A few lawmakers in the US state of Arizona are upset over the National Park Service's decision to add the Oak Flat Campground to the National Register of Historic Places because of its historic and spiritual ties to the Apache indigenous community.  It just so happens that Resolution mining - part-owned by BHP Billiton - wants to dig a giant copper mine there.

Putting Oak Flat on the list of the United States' historic places could damage stall or stop the the plan to construct a copper mine on the land, but only because of the additional public awareness it generates.  Legally, nothing "guarantees that a historic property cannot be modified or even destroyed," according to a letter written by Stephanie Toothman, the National Register's keeper.

Representatives Paul Gosar and Ann Kirkpatrick, a Republican and Democrat respectively, both backed privatizing the land to hand it over to Resolution.  If their plan goes through, it would be the first time in history that Native American lands would be handed over to a foreign company by an act of Congress.  Gosar in particular denies that the site has long been used for Apache coming-of-age ceremonies, particularly for girls.

"Clearly, the Obama Administration cares more about pandering to extremist environmental groups and a DC lobbyist from the Clinton Administration than following the law and listening to the American public," said a statement from Gosar, who totally isn't upset because America's first Black president is doing something decent for the long-abused indigenous community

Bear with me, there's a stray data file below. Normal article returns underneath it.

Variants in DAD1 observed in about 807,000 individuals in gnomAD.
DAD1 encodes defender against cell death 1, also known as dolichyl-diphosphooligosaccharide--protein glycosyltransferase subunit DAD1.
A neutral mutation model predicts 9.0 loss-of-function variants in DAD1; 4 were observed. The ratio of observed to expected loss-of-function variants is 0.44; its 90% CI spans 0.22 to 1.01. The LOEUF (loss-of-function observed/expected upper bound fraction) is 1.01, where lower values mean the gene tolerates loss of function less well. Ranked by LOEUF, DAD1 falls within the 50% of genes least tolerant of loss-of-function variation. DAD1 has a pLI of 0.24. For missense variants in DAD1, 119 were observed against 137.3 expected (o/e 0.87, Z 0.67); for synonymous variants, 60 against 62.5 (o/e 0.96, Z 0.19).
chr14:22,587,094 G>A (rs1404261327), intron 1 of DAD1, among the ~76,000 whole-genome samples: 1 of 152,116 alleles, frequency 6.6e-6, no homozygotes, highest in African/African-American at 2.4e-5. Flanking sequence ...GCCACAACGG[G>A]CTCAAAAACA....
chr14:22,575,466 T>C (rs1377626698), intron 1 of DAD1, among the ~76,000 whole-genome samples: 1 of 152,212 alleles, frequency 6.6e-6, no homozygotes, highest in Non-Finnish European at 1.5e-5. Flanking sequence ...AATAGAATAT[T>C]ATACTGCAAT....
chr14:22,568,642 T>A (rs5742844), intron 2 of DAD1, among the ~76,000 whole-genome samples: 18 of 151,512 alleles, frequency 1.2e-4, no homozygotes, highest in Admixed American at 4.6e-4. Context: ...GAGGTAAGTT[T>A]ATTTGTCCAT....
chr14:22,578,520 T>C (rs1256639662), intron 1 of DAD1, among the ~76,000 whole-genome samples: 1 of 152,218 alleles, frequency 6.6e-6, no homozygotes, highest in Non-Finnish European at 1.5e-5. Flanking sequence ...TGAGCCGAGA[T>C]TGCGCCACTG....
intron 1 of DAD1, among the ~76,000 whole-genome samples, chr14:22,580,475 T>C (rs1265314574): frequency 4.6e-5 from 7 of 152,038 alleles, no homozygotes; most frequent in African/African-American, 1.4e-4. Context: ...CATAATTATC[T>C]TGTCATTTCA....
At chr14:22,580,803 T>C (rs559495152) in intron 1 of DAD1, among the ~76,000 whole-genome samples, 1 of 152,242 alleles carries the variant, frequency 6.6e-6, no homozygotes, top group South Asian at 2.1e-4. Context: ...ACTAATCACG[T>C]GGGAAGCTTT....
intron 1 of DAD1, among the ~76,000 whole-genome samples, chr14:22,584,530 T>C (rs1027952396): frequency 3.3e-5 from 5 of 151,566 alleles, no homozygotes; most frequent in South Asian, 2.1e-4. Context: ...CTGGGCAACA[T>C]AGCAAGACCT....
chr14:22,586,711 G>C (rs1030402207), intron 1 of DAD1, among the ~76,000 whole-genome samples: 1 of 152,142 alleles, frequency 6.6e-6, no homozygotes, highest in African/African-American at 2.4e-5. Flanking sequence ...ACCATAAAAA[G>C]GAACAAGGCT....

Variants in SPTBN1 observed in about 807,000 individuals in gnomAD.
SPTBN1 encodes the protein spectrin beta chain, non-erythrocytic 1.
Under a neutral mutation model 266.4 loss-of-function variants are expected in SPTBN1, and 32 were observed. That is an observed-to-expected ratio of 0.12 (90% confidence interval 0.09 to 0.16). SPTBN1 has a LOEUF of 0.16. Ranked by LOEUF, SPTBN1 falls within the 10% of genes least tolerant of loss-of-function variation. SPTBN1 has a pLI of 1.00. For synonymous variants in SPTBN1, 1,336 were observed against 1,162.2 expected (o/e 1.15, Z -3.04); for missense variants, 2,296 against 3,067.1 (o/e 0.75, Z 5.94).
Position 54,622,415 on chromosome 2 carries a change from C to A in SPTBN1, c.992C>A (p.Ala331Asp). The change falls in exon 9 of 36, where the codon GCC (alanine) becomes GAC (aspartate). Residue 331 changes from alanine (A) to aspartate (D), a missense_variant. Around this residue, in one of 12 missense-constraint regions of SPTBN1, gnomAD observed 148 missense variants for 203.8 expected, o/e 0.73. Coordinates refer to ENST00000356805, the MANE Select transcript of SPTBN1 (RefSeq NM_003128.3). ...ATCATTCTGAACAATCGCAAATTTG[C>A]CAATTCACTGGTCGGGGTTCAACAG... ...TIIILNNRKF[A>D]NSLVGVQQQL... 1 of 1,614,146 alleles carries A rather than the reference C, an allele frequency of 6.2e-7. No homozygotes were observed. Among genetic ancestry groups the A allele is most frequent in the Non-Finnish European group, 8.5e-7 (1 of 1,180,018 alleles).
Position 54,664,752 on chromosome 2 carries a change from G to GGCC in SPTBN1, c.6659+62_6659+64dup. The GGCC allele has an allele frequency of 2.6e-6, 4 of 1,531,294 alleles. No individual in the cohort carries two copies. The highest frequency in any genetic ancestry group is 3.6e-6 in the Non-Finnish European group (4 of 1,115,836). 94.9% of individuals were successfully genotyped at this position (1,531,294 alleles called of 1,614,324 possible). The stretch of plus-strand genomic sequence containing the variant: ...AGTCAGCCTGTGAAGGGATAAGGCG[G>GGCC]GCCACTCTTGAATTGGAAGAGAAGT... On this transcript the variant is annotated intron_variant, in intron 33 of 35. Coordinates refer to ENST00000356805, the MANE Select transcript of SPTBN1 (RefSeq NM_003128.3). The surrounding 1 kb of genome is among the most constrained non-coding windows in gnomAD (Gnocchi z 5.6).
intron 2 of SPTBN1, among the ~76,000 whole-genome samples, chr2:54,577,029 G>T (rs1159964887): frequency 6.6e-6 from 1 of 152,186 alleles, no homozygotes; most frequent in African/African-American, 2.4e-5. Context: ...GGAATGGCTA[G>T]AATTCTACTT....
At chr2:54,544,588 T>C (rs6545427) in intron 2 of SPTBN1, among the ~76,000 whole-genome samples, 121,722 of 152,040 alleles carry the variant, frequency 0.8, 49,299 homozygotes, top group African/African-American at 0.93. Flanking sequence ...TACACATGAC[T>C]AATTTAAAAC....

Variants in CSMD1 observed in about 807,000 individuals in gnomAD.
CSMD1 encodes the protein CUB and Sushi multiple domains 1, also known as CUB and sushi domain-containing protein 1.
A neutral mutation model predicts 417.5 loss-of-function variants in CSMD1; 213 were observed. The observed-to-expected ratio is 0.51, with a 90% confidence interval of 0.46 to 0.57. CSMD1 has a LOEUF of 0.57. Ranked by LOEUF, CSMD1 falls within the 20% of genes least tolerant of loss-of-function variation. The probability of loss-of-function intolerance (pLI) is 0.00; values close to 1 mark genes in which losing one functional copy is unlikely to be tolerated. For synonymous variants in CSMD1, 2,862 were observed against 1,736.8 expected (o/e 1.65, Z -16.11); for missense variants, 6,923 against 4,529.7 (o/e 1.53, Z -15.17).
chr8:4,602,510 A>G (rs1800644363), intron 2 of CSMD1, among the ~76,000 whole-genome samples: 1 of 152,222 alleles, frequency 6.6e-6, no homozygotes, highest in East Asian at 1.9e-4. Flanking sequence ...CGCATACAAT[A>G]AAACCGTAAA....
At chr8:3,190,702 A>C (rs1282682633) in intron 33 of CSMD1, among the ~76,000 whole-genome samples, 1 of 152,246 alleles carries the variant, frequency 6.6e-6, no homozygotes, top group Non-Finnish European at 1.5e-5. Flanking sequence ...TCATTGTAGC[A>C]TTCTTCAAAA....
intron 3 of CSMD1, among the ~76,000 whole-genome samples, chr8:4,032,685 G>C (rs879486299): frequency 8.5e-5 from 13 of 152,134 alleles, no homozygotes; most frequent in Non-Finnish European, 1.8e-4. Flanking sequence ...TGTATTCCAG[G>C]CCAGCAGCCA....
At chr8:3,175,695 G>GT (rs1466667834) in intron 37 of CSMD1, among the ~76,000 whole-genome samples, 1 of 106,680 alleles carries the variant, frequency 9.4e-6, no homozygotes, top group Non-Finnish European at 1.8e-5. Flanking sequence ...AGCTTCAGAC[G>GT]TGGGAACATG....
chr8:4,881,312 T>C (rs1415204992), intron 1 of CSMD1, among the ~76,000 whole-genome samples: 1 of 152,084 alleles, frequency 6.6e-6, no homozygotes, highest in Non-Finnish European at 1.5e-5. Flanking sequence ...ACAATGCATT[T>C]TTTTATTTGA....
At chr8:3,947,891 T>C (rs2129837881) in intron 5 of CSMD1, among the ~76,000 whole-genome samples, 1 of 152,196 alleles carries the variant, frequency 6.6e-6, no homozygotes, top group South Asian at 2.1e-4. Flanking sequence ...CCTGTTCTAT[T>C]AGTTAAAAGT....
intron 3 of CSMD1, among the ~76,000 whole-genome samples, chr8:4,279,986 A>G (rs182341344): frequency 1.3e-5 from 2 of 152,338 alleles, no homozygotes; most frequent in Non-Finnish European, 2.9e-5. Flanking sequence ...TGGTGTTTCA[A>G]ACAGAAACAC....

But despite Gosar's baseless denials, scientists for the Society for American Archaeology testified before Congress that archaeological evidence of Apache occupation at Oak Flat and use of the site go back before recorded history.

"Oak Flat, known to us Chi'chil Bildagoteel, has always been our connection to our Mother, our right to exist, a central part of our prayers, songs, stories and spiritual practices.  It is from here that we emerged. It is who we are," said San Carlos Apache elder Wendsler Nosie Sr.  "Chi'chil Bildagoteel, our holy land, was put under the care of the US government, and because of its uniqueness, the great value of maintaining its ecological and cultural integrity, protected by its laws."

The listing means that during the pre-mining environmental-review process, stakeholders will have to thoroughly evaluate the impact on the historic site, which could delay the mine.  And Apaches who've seen their land reduced in size generation after generation aren't expecting much from the historic designation.

"It doesn’t have any teeth," said 75-year old Vincent Randall, an elder with the Yavapai-Apache Nation.  "It's a victory maybe in that more people will understand this is a special place.  But as far as the designation, it’s not stopping the mine."

The mine's economic benefits are also worth consideration, says Resolution, which is co-owned by Rio Tinto and BHP Billiton.

"We have also heard from many Native American employees and contractors that work with Resolution Copper, who have told us of the desperate need for economic development and jobs in the Copper Triangle," said spokesman Bill Tanner.